Pentecost +10 – August 18, 2019
+ Grace to you and peace from God our Father and the Lord Jesus Christ, in the unity of the Holy Spirit. Amen. +
One of the things I do each week to help prepare for Sunday (and to introduce the theme of the next reading in our Narrative Lectionary cycle to people who visit our website and Facebook page) is to create images that capture the main idea of the upcoming text. Most weeks, that isn’t a problem at all; this week, however, I found myself at a loss. You see, the story before us this morning isn’t exactly ready-made for appealing visual summary. Go to Google (or your favorite online search engine) and type in “Death of John the Baptist”, and you can probably guess what types of images you’ll see. The variety and sheer number of depictions of John the Baptist’s death that seek to highlight the brutality of this narrative were pretty astonishing to me, and I spent quite some time pondering ways to present this story honestly while avoiding gratuitous gore. After a while, I found myself wishing that those who put this Narrative Lectionary together had skipped this particular story.
In the end, I found an icon that achieved my goal. Later in the week, however, I started second-guessing my initial inclination. Why was it so important to me to “clean up” this story, to make it seem less shocking than it actually was and is? What possible reason is there to mask the reality that this entire episode in Mark’s Gospel is intended to convey besides denial? And how would we be served as disciples of Jesus by hiding from this brutal tale?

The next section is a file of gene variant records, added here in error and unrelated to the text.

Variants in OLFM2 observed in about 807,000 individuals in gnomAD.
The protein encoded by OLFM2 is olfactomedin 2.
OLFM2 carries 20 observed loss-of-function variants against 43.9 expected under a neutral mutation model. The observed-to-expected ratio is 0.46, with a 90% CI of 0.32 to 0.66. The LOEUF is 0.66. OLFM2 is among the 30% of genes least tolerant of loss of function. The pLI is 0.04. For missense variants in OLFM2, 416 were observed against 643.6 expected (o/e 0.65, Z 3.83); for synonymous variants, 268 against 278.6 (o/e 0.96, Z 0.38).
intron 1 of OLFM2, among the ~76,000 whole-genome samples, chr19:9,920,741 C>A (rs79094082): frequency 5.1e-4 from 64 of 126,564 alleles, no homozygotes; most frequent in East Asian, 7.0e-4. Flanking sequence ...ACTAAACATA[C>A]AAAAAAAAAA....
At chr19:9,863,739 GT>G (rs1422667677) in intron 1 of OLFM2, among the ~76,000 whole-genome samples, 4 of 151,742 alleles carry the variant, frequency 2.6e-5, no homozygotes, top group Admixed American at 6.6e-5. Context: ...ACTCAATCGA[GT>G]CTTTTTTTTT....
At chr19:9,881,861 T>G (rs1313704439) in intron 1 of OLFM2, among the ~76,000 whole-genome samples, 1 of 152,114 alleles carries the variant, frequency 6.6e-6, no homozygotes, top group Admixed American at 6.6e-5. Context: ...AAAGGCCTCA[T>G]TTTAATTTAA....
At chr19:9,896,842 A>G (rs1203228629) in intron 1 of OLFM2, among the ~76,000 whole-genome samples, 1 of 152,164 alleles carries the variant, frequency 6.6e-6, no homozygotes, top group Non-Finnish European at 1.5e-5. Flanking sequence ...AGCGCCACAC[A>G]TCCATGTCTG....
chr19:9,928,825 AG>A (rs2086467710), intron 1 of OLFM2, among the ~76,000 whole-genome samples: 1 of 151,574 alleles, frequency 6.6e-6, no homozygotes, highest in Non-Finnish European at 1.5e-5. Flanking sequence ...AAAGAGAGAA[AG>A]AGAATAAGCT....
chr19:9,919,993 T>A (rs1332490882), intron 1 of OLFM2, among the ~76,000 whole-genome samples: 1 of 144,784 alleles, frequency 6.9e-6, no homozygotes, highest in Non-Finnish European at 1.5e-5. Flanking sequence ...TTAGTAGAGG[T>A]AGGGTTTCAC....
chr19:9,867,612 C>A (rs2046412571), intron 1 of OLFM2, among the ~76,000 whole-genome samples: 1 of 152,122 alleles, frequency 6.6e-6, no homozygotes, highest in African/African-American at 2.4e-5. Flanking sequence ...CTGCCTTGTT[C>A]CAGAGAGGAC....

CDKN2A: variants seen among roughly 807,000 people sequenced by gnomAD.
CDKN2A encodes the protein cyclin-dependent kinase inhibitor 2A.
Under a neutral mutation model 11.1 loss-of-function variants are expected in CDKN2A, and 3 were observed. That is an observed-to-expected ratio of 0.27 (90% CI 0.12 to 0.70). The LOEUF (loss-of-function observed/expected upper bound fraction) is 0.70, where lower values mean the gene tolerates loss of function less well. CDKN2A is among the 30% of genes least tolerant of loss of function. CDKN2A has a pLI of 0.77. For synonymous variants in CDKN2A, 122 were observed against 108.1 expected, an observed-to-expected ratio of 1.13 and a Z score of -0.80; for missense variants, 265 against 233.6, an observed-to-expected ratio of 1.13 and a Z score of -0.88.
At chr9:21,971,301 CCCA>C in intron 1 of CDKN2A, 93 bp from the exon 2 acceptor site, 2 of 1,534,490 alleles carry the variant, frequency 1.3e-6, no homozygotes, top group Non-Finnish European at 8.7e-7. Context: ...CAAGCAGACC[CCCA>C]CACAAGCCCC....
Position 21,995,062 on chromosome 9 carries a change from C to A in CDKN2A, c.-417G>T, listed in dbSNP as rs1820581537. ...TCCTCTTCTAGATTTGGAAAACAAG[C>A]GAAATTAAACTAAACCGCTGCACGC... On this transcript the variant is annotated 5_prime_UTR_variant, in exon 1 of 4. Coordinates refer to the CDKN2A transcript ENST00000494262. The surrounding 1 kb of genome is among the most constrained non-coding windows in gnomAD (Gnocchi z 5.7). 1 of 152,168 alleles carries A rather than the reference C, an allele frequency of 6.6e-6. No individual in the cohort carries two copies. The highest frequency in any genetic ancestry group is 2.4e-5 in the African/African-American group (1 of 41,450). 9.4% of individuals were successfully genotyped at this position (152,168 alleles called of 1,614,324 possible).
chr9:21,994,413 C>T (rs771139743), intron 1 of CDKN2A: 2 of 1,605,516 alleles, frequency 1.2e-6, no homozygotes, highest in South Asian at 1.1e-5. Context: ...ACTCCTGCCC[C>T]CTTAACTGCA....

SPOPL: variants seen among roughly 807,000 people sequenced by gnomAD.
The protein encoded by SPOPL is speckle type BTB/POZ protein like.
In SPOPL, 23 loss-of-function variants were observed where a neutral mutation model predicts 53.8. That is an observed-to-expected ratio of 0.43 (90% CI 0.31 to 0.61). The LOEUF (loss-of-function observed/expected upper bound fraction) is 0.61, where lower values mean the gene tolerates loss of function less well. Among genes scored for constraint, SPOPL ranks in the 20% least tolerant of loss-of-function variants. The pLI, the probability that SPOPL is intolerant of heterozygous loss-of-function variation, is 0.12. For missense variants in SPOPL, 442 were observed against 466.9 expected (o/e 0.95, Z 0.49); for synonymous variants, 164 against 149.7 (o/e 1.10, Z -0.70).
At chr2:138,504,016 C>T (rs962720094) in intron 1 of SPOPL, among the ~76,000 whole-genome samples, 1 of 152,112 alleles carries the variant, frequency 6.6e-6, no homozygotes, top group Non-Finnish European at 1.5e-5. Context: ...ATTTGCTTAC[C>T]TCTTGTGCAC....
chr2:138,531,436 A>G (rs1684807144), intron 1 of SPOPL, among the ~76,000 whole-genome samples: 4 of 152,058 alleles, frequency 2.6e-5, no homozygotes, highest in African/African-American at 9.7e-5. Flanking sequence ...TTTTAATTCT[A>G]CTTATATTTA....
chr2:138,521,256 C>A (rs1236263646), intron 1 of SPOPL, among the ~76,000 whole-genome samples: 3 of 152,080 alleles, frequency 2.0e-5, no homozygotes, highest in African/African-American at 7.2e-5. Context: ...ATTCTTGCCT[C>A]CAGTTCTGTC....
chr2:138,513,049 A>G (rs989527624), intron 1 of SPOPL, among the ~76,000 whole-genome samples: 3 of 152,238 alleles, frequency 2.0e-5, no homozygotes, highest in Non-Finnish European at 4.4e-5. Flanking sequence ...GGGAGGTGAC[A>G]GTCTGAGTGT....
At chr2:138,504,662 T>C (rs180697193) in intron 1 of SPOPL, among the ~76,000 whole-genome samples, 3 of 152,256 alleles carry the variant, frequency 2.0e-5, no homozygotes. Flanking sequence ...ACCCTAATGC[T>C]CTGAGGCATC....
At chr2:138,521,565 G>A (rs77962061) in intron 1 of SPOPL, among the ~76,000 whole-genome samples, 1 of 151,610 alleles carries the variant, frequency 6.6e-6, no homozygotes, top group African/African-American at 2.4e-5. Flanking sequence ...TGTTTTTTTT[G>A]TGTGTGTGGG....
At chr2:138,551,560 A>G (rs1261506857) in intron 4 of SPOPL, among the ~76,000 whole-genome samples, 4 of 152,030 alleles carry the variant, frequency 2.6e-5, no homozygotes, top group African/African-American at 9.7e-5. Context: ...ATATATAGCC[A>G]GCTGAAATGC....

Upon reflection, it became clear to me that ignoring John’s death and the circumstances surrounding it would be a terrible mistake, because this narrative – and everything that makes it difficult to read – is really a crucial part of the story that Mark tells about the life of Jesus and the road of discipleship. You see, Mark could have revealed how John died pretty much any time. If you’ll recall, John is arrested way back at the end of chapter 1 of the Gospel. With typical Markan brevity, John is removed from the scene to make way for Jesus, and his name isn’t spoken again until this point in the Gospel. Why? Because something about what Jesus and his disciples were up to struck a chord with Herod, the local puppet ruler who had seized John and imprisoned him for speaking the truth about the questionable decision to marry his late brother’s wife. The power and profound impact that the ministry of Jesus’ disciples had on Galilee had stirred up Herod’s anxiety and fear, and led him to believe that John had returned in the person of Jesus to continue his mission of calling people to turn their lives around. That might seem like a laughable conclusion to reach in our own day, and yet the belief that those who were righteous would enjoy resurrection was a relatively common one in Jesus’ day, and Herod’s own opinion of John revealed that for all of his annoyance with John in the matter of his recent marriage, he still regarded John as a righteous and holy man who deserved his protection – until it was no longer politically expedient to keep him safe, that is.
It’s this point, this realization about the powers-that-be, that is the most important for us as we reflect on John’s horrific death. Jesus and his disciples were noticed by Herod because they were doing something that reminded him of the man he had killed for no other reason than to save face before his peers and rivals: they were proclaiming the truth, preaching repentance, and demonstrating God’s power and presence through their ministry of casting out the demonic and bringing wholeness to the afflicted. The same sort of mission that led to John’s arrest and death was now being carried out anew by a charismatic rabbi and his group of uncultured followers, and it shook Herod to his core.